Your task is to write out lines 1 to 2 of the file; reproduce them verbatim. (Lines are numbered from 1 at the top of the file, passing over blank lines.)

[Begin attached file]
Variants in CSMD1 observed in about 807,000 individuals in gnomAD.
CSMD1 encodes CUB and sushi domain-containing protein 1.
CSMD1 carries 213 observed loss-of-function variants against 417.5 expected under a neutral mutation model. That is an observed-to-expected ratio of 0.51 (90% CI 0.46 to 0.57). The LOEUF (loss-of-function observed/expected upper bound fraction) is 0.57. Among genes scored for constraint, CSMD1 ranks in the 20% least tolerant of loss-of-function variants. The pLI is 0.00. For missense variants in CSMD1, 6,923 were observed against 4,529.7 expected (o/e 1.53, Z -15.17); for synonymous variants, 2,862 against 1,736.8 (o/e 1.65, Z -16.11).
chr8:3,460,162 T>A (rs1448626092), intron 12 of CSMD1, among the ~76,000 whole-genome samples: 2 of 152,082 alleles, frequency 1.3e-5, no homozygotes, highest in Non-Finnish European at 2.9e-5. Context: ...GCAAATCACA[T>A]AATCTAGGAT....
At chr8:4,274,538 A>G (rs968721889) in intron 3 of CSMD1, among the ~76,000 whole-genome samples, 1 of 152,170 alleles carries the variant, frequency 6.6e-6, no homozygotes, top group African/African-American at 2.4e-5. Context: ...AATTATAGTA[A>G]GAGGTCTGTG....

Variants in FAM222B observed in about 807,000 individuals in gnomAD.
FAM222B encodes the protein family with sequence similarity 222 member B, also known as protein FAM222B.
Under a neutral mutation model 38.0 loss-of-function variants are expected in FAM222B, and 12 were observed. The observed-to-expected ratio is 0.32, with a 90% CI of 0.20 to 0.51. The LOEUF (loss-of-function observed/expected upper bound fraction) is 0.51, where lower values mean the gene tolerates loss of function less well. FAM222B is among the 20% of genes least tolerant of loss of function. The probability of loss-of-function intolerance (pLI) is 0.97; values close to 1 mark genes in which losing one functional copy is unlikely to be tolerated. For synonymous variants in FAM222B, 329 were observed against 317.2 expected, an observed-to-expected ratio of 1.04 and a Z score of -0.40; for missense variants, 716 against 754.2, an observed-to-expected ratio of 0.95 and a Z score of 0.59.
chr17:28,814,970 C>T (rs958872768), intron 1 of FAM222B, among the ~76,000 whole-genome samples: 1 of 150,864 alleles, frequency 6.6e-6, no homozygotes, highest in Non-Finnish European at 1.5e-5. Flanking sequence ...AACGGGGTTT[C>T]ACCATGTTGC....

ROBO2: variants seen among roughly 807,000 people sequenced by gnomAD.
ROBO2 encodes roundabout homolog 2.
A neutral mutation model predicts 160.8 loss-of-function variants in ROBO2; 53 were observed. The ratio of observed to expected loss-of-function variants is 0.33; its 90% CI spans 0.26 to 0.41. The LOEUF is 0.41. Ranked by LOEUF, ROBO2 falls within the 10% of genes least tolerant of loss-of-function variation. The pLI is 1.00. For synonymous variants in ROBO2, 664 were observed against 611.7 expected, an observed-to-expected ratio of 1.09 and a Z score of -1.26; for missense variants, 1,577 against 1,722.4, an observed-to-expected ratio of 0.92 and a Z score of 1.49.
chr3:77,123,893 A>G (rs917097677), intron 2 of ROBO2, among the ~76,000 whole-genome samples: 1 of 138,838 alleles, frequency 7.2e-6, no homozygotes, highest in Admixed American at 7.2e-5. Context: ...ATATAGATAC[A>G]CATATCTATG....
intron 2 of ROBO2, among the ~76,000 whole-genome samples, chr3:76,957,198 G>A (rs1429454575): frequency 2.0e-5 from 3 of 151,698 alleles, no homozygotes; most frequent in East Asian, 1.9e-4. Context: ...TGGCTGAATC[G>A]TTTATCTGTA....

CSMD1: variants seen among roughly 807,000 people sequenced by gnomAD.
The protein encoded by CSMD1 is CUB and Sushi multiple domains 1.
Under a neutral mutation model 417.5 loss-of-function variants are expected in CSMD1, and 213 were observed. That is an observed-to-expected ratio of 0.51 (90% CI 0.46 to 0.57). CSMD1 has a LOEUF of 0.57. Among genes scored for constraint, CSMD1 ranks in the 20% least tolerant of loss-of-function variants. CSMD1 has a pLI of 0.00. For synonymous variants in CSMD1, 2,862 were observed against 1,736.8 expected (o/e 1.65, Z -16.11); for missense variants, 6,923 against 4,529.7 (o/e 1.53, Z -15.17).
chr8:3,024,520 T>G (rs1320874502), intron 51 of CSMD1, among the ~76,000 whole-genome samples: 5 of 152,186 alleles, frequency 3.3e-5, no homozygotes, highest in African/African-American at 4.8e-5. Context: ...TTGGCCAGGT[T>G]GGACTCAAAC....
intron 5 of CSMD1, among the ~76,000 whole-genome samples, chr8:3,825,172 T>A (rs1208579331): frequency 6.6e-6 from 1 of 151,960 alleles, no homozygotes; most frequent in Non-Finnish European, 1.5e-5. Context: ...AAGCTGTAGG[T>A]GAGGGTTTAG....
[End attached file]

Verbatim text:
Variants in CSMD1 observed in about 807,000 individuals in gnomAD.
CSMD1 encodes CUB and sushi domain-containing protein 1.